EMPLOYEE ENGAGEMENT

It’s an area of focus that resonates with employees. Last year alone Bank of America employees donated 60,000 hours for hunger-related causes, ranging from large employee events at local food banks to local nonprofit board leadership, and from serving and delivering food to providing financial education to food bank recipients and those who seek SNAP application assistance.

BUILDING AWARENESS

“While we drive broader public awareness about hunger through the Give a Meal campaign that takes place during the holiday season, we engage in hunger relief efforts year-round,” Sullivan says. “In addition to funding nonprofits locally and nationally, we seek opportunities to connect our customers and clients to events that illuminate the issue of hunger in the United States. For example, we partnered with Participant Media to screen the documentary A Place at the Table, which brings the issue of hunger to life through powerful personal stories from individuals struggling to break the cycle of hunger, for special viewings in Boston, New York, Newark, Houston, Chicago and Portland, Ore.”


PHOTOGRAPH BY BANK OF AMERICA

 

INDUSTRY LEADERSHIP

“We know that collaborative efforts are key in order to move the dial on the issue of hunger, so we were a founding member of the Corporate Coalition Against Hunger,” Sullivan notes. “For us, it’s simple. As a financial institution with a presence in communities large and small across the United States, ensuring that individuals and families have their basic needs met — in order to move toward a better financial future — just makes good sense.”

INVESTING IN COMMUNITY DEVELOPMENT FINANCIAL INSTITUTIONS

“We also leverage our work with Community Development Financial Institutions (CDFIs) through loans and grants in order to surround the issue of hunger,” says Sullivan. CDFIs are specialized financial institutions that work in market niches underserved by traditional financial institutions, such as community development banks and credit unions. They provide a unique range of financial products and services in economically distressed target markets.

We provided the support that families need to make lasting changes in their financial lives.

“The bank has made loans, investments or capital grants to more than 240 CDFIs throughout the country, and the current portfolio exceeds $1 billion in loans and investments,” she explains. “As an example of how this works in relation to hunger, we’ve provided a $10 million loan and a $50,000 grant to a CDFI called the California Freshworks Fund, a healthy-food financing initiative that invests in new, expanded or innovative grocery retail and distribution, which increases the availability of healthy foods in California’s low- and moderate-income communities. The bank also provided a $5 million loan for the Reinvestment Fund to launch a freshfood fund in Pennsylvania.”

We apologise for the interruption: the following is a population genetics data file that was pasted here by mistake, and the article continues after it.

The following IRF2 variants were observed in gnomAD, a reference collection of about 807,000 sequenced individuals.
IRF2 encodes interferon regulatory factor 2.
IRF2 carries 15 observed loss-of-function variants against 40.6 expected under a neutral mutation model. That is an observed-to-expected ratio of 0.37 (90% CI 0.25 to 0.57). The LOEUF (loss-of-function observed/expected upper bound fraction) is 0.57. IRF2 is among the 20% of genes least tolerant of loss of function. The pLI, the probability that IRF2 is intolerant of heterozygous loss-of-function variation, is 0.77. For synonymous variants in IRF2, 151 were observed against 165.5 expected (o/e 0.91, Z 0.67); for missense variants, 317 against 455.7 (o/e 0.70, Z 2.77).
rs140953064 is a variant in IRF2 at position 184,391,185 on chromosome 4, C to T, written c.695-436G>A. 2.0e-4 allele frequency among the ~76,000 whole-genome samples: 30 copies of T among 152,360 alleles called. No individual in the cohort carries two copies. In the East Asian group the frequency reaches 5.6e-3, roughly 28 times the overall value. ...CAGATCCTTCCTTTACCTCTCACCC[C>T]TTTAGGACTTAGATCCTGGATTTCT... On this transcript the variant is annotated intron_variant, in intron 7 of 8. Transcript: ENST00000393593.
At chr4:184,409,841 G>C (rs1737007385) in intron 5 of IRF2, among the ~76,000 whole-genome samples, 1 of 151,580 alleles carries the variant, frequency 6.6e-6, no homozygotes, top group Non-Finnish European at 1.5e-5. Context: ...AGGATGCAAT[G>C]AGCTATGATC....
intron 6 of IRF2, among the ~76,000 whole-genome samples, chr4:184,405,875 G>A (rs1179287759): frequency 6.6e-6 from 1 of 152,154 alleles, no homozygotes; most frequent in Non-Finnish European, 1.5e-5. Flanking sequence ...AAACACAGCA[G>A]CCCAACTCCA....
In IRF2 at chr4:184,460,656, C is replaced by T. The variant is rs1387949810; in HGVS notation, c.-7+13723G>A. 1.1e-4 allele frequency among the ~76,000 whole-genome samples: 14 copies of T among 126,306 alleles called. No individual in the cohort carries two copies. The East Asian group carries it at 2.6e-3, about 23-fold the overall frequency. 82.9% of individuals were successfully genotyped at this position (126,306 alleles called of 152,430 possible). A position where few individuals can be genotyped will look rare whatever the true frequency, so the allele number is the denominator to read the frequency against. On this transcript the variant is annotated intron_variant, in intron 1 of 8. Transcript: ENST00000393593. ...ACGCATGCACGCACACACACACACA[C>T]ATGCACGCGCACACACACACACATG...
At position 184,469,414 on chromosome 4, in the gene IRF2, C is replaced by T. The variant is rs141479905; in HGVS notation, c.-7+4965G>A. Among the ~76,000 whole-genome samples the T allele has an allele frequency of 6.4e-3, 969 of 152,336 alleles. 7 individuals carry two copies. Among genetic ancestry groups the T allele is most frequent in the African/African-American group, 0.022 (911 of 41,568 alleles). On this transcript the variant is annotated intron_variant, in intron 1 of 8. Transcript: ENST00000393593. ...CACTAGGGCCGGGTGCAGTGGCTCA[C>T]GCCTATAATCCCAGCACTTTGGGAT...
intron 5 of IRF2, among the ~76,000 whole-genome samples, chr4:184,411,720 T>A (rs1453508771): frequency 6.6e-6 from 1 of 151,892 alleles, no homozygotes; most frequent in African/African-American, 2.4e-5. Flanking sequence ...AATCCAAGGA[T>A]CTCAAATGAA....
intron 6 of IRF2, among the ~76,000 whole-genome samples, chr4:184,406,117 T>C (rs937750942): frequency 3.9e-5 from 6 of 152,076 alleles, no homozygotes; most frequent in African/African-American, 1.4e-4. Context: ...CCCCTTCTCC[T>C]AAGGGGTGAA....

ADDRESSING GLOBAL HUNGER

“Internationally, our support of hunger relief has primarily been through our philanthropic response to disasters,” Sullivan explains. Among our partners are Save the Children, World Food Programme (WFP) and Partners in Health. “As we look to our investments in critical needs globally, we’re focused on partners that apply a comprehensive antipoverty strategy against hunger that not only includes emergency hunger relief but also sustainable nutrition and wellness, economic livelihood, food affordability and stabilization.”

The bank is developing a partnership with the WFP — the world’s largest humanitarian agency fighting hunger — for efforts in Africa, Pakistan and the southeastern Pacific countries. In 2012, Bank of America provided a $100,000 grant to the WFP to invest in various projects through the Gender Innovations Fund, which was launched by the WFP to foster innovative partnerships. “Also, expanding on the success we’ve experienced in the United States, we are exploring how to best develop an international CDFI Lending Product for microenterprises, such as agricultural farms, in emerging markets,” Sullivan notes.

STRENGTHENING COMMUNITIES AND ECONOMIES

Addressing hunger is just one of the ways that Bank of America is working to improve communities through its broader corporate social responsibility activities. Says Sullivan: “We recognize that many of the issues facing communities are interrelated, so we’re taking a comprehensive approach — for example, by funding programs that support longer-term solutions addressing financial wellness. As a global institution, we believe it’s important to provide meaningful and responsive support, working in partnership with global, national, regional and local organizations as well as other funders. We do this through an array of initiatives, including not only our philanthropy and volunteerism but also efforts in environmental sustainability, community development lending and our responsible business practices.”

IMPORTANT INFORMATION

Some of the featured participants are not employees of U.S. Trust. The opinions and conclusions expressed are not necessarily those of U.S. Trust or its personnel.